The South Dakota Commission on Gaming has proposed the first round of rules for sports betting at Deadwood casinos.
Another set is still being drafted, according to the commission’s executive secretary Susan Christian. She said the Commission on Gaming plans to hold two separate public hearings. The first one is set for May 18, to be held by teleconference and videoconference. The hearing on the second set is planned for this summer.
The proposals in the first set cover some aspects of sports wagering, such as the application process for the state license necessary to be a sports wagering services provider. They also would clean up some existing regulations, such as requiring that game rules be posted at each poker table.
“If these rules are approved, it will permit the commission to accept sports wagering services provider license applications on July 1, 2021, when the sports wagering laws become effective. The second rules hearing will be in July 2021 and will focus on the technical rules for sports wagering,” Christian told KELOLAND News.
A majority of South Dakota voters in the November 3 general election approved changing the state constitution to allow sports wagering in Deadwood. The Legislature in turn adopted SB 44 that Governor Kristi Noem signed into law March 18.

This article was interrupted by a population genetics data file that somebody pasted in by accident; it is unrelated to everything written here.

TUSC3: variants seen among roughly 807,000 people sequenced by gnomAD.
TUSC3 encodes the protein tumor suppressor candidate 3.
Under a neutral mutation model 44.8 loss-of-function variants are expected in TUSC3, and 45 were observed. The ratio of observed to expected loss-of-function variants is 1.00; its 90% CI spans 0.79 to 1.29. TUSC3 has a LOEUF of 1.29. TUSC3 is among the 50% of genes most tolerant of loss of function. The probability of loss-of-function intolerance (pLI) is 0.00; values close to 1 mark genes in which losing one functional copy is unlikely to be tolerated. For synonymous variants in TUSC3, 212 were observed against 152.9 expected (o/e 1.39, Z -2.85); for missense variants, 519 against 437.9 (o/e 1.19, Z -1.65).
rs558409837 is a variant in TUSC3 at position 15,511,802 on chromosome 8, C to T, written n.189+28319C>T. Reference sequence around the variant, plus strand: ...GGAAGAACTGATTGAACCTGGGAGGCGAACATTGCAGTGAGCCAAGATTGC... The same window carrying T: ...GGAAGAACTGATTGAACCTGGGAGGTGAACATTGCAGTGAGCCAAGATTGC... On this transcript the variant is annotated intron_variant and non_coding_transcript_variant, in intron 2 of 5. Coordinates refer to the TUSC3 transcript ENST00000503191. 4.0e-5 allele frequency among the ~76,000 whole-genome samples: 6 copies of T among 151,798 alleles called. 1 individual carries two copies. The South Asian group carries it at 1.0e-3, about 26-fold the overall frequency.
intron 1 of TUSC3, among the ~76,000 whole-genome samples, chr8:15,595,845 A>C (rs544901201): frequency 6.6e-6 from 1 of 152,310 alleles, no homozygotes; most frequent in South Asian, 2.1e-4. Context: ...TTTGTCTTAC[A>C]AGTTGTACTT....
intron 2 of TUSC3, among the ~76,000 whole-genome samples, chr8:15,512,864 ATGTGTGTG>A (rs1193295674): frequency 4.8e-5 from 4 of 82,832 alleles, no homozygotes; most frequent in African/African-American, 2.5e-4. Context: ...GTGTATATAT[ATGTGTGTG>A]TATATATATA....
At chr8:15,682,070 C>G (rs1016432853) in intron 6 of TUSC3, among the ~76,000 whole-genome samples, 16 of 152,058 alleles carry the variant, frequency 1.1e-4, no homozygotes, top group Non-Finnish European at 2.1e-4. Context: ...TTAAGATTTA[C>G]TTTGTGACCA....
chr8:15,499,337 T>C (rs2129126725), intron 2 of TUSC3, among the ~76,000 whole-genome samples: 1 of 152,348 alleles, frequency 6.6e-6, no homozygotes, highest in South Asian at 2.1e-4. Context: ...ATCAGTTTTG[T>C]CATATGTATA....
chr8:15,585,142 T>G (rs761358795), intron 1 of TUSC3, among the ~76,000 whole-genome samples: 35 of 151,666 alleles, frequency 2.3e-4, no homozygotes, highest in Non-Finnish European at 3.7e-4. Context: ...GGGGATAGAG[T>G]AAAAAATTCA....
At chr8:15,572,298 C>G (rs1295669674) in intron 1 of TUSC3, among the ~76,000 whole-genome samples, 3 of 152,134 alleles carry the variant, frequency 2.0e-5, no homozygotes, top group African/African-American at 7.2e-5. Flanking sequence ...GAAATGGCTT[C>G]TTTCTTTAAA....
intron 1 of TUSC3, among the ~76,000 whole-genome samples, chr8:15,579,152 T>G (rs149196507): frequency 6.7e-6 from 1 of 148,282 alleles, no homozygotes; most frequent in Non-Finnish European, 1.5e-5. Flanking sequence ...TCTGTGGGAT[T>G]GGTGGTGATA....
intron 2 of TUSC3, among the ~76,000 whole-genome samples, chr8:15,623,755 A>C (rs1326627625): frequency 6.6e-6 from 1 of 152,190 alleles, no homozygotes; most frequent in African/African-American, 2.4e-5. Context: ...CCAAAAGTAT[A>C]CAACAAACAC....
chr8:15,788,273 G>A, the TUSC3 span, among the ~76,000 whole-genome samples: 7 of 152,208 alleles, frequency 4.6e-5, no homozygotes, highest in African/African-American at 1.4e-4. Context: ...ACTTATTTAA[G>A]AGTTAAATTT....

The Gaming Commission is part of the state Department of Revenue. The department’s secretary, Jim Terwilliger, noted in a presentation Thursday to the state Lottery Commission that Deadwood sports-wagering rules would come in two groups and casinos could start taking sports bets this fall. “Busy subject to deal with (for) the Commission on Gaming,” Terwilliger said.
Furthermore, Deadwood’s gambling industry reported a strong March. According to the state commission, Deadwood casinos saw a 102% increase in gambling handle compared to March 2020, when they were closed for seven days because of COVID-19, and a 61% increase over March 2019.
Gamblers put more than $131 million in slot machines and $7.7 million in table game bets. In all, visitors to Deadwood's casinos spent more than $139 million on wagers in March.
“As the country continues to move toward a total reopening from the pandemic and people resume their travel and entertainment schedules, Deadwood is reaping the benefit,” Mike Rodman, executive director of the Deadwood Gaming Association, said in a statement. “Deadwood and the South Dakota Department of Tourism have focused their marketing efforts on visitation to our area as travelers felt safe and ready to return.”